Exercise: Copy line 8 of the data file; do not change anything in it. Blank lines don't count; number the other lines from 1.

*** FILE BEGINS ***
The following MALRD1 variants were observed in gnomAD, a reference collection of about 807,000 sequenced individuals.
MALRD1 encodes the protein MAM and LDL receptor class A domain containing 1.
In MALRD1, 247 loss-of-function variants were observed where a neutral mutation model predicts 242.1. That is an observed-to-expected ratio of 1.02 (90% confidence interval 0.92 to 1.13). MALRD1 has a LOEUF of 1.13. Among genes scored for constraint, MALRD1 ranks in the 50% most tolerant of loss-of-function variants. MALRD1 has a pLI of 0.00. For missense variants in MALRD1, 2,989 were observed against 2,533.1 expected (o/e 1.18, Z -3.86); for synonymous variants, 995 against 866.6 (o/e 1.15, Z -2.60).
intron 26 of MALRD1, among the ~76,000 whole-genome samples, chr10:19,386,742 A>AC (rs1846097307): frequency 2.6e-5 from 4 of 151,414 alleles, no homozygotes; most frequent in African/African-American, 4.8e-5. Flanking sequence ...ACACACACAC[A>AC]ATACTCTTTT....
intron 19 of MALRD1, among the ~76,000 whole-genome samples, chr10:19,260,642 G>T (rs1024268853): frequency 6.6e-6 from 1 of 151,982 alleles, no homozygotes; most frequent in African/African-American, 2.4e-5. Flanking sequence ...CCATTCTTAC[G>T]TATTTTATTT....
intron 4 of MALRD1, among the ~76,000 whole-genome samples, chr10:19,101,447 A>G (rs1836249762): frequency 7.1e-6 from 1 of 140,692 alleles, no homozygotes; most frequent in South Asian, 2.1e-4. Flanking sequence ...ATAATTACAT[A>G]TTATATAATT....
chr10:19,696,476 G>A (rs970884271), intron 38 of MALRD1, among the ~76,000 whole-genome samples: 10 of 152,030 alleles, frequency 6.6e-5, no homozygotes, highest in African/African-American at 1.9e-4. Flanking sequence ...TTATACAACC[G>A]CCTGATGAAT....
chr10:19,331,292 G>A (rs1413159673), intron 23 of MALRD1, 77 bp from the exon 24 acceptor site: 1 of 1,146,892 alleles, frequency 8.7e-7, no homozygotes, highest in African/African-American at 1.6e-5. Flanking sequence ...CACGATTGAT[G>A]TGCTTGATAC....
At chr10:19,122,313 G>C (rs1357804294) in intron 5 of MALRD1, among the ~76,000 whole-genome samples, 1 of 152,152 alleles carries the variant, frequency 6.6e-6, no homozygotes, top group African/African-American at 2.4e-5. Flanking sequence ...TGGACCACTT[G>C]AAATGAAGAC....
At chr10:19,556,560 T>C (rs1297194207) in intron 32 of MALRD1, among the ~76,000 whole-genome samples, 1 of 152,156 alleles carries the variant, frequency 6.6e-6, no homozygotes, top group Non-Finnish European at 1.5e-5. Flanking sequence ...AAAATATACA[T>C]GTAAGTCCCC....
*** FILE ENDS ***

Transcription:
chr10:19,331,292 G>A (rs1413159673), intron 23 of MALRD1, 77 bp from the exon 24 acceptor site: 1 of 1,146,892 alleles, frequency 8.7e-7, no homozygotes, highest in African/African-American at 1.6e-5. Flanking sequence ...CACGATTGAT[G>A]TGCTTGATAC....